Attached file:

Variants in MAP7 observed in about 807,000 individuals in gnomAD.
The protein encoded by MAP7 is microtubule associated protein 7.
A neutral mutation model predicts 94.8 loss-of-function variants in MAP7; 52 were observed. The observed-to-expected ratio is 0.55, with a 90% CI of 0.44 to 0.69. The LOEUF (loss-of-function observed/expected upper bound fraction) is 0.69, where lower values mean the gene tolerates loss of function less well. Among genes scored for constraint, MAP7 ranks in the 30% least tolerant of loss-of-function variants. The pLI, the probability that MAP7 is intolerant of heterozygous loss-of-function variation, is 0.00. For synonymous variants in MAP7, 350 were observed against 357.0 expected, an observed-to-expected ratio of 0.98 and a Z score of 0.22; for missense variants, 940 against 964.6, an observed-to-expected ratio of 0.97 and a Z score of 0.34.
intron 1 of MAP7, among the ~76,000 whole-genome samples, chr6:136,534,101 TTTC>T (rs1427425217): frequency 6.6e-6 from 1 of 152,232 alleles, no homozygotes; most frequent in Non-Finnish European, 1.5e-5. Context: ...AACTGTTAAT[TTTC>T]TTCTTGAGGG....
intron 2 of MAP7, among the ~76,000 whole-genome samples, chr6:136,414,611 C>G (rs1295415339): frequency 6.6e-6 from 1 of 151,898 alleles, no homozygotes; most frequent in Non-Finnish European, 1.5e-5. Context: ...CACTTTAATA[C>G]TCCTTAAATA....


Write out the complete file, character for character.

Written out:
Variants in MAP7 observed in about 807,000 individuals in gnomAD.
The protein encoded by MAP7 is microtubule associated protein 7.
A neutral mutation model predicts 94.8 loss-of-function variants in MAP7; 52 were observed. The observed-to-expected ratio is 0.55, with a 90% CI of 0.44 to 0.69. The LOEUF (loss-of-function observed/expected upper bound fraction) is 0.69, where lower values mean the gene tolerates loss of function less well. Among genes scored for constraint, MAP7 ranks in the 30% least tolerant of loss-of-function variants. The pLI, the probability that MAP7 is intolerant of heterozygous loss-of-function variation, is 0.00. For synonymous variants in MAP7, 350 were observed against 357.0 expected, an observed-to-expected ratio of 0.98 and a Z score of 0.22; for missense variants, 940 against 964.6, an observed-to-expected ratio of 0.97 and a Z score of 0.34.
intron 1 of MAP7, among the ~76,000 whole-genome samples, chr6:136,534,101 TTTC>T (rs1427425217): frequency 6.6e-6 from 1 of 152,232 alleles, no homozygotes; most frequent in Non-Finnish European, 1.5e-5. Context: ...AACTGTTAAT[TTTC>T]TTCTTGAGGG....
intron 2 of MAP7, among the ~76,000 whole-genome samples, chr6:136,414,611 C>G (rs1295415339): frequency 6.6e-6 from 1 of 151,898 alleles, no homozygotes; most frequent in Non-Finnish European, 1.5e-5. Context: ...CACTTTAATA[C>G]TCCTTAAATA....